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Transparency Extension in Haptic Interfaces via Adaptive Dynamics Cancellation

[+] Author Affiliations
Samuel McJunkin, Marcia K. O’Malley

Rice University

John E. Speich

Virginia Commonwealth University

Paper No. IMECE2005-81443, pp. 1581-1587; 7 pages
doi:10.1115/IMECE2005-81443
From:
  • ASME 2005 International Mechanical Engineering Congress and Exposition
  • Dynamic Systems and Control, Parts A and B
  • Orlando, Florida, USA, November 5 – 11, 2005
  • Conference Sponsors: Dynamic Systems and Control Division
  • ISBN: 0-7918-4216-9 | eISBN: 0-7918-3769-6
  • Copyright © 2005 by ASME

abstract

Haptic interfaces are a class of robotic manipulators that display force feedback to enhance the realism of virtual environment displays. However, these manipulators often fail to effectively replicate the real world environment due to dynamic limitations of the manipulator itself. The ratio of the simulated to transmitted environment impedance is defined as the transparency transfer function (TTF), and can be used to quantify the effectiveness of a haptic device in displaying the simulated environment. The TTF is ideally equal to one for the bandwidth of human proprioception. In this work, a method is presented that increases TTF bandwidth via cancellation of dynamics with an adaptive model. This adaptive model is based on the kinematics and dynamics of a PHANToM haptic interface with assumed joint stiffness and damping added. The Lagrangian of the PHANToM is reformulated into a regressor matrix containing the state variables multiplied by a parameter vector. A least-squares approach is used to estimate the parameter vector by assuming that errors in force output are due to the manipulator dynamics. The parameter estimate is then used in the original model to provide a feed-forward cancellation of the manipulator dynamics. Software simulation using data from passive user interactions shows that the model cancellation technique improves bandwidth up to 35 Hz versus 7 Hz without compensation. Finally, this method has a distinct advantage when compared with other compensation methods for haptic interactions because it does not rely on linear assumptions near a particular operating point and will adapt to capture unmodeled features.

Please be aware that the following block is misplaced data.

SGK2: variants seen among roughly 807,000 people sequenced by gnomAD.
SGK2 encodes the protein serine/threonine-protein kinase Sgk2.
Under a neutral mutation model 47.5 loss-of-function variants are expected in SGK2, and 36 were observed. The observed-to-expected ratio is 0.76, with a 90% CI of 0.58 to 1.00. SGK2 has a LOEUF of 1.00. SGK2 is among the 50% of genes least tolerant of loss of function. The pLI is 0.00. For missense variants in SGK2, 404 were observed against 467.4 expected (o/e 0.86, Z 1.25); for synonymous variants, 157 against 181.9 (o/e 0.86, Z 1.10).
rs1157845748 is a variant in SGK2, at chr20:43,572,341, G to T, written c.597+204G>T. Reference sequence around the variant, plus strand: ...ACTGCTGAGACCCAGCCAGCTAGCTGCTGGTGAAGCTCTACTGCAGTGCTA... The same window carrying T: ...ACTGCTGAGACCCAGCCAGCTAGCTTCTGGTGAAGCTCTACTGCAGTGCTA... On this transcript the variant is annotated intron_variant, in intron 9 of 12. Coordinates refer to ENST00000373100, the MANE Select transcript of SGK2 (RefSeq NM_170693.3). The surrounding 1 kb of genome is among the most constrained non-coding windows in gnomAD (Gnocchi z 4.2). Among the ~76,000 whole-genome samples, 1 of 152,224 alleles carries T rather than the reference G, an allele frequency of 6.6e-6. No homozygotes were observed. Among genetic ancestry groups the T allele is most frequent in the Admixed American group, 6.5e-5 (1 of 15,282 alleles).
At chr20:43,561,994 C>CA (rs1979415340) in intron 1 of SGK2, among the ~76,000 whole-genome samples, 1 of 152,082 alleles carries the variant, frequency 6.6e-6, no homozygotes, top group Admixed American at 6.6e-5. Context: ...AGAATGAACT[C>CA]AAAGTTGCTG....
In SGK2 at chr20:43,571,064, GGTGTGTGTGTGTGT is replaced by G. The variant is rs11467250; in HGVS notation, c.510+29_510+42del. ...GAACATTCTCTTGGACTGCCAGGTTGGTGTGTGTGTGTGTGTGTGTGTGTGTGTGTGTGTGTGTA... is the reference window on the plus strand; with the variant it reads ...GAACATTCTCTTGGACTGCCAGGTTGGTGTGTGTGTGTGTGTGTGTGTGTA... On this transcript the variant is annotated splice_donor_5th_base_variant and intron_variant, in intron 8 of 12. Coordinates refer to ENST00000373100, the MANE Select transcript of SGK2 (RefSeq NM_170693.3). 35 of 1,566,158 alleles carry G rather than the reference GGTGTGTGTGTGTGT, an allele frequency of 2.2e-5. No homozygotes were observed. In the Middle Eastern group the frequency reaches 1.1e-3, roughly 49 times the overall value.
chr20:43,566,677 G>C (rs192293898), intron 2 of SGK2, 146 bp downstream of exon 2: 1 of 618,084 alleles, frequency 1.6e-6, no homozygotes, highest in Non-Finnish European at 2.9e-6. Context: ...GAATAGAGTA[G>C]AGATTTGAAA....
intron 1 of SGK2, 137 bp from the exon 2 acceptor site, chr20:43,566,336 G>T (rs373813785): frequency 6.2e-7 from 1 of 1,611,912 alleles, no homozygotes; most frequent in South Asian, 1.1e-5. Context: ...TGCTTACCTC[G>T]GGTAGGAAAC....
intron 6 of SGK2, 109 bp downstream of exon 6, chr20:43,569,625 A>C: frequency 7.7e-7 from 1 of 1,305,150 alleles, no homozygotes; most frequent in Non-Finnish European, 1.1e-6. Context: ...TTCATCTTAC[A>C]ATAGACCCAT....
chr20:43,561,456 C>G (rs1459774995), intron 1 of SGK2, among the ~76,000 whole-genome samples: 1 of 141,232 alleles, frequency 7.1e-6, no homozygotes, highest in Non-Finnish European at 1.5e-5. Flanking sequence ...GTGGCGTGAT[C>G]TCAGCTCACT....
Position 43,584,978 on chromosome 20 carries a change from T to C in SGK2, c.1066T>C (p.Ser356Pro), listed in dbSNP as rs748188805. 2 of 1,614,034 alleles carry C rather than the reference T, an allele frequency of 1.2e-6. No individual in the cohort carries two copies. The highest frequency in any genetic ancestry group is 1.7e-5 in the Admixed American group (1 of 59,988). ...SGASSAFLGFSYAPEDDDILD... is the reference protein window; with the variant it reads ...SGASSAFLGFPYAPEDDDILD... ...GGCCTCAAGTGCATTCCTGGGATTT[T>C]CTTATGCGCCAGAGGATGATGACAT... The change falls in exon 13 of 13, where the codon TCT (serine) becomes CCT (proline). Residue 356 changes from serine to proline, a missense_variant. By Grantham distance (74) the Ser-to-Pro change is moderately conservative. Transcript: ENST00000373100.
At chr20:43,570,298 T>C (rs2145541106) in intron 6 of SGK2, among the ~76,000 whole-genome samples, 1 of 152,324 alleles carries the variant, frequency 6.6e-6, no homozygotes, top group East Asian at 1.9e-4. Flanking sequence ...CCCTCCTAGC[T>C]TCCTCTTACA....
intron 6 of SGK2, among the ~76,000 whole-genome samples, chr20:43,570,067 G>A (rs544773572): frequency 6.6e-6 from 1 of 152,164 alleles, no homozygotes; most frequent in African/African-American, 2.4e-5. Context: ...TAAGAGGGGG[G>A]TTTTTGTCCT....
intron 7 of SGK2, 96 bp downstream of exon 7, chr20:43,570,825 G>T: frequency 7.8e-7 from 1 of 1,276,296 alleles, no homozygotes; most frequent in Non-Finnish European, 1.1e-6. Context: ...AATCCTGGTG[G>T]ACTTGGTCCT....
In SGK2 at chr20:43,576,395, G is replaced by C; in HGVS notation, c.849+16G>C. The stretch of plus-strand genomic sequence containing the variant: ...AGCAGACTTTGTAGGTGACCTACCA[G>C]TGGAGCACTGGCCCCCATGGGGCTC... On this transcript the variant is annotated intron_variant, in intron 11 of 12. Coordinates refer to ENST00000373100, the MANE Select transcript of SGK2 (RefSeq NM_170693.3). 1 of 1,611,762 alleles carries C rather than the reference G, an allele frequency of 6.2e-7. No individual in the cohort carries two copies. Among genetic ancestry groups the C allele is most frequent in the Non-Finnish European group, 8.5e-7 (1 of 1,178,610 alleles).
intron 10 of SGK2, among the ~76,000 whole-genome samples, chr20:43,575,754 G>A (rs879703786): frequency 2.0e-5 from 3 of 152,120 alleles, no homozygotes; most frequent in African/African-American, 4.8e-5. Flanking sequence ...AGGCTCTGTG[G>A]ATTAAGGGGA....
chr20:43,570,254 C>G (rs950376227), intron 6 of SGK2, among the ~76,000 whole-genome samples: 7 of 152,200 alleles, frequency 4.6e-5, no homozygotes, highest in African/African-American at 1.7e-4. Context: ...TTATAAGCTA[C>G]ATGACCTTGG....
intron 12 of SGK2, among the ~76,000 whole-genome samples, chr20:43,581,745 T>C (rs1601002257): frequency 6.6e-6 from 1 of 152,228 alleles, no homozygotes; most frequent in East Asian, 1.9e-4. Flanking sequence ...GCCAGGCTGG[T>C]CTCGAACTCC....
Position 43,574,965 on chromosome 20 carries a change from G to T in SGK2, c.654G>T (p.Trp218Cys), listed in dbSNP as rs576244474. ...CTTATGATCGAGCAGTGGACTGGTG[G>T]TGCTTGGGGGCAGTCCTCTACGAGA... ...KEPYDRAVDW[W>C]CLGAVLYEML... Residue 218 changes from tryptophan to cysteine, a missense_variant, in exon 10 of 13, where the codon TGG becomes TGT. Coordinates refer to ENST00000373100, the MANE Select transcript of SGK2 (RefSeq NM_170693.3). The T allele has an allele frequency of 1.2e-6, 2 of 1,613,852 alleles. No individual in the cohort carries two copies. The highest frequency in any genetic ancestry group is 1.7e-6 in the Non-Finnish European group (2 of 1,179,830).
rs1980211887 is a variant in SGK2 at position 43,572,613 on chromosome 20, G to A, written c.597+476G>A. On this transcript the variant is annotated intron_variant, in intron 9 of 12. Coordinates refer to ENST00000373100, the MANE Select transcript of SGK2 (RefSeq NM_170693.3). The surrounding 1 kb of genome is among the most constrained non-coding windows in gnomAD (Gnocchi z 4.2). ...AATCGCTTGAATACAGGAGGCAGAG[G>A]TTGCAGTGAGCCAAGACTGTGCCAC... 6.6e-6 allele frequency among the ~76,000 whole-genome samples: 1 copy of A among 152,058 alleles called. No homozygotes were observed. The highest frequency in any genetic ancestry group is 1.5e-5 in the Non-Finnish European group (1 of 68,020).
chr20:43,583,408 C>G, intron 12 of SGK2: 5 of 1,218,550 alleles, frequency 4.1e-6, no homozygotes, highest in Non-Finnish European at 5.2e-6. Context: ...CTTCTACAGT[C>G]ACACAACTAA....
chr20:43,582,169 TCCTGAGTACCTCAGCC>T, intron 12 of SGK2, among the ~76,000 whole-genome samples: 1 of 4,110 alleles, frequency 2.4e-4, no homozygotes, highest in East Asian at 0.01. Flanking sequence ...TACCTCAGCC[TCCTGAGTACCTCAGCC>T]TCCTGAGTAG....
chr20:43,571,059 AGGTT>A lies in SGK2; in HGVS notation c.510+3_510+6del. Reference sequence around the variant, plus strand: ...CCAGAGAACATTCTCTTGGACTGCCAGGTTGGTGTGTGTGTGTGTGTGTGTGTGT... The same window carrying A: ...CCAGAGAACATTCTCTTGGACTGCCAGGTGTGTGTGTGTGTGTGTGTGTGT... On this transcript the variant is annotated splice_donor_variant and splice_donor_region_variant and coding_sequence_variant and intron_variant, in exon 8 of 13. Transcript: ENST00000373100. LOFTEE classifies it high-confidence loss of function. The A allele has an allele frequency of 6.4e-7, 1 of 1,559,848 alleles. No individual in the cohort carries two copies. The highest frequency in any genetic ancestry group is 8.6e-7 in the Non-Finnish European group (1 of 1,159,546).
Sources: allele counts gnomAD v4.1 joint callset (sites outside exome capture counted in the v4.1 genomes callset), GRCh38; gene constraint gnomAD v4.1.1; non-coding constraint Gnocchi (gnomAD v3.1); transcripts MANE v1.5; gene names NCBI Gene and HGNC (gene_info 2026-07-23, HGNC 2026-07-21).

Copyright © 2005 by ASME

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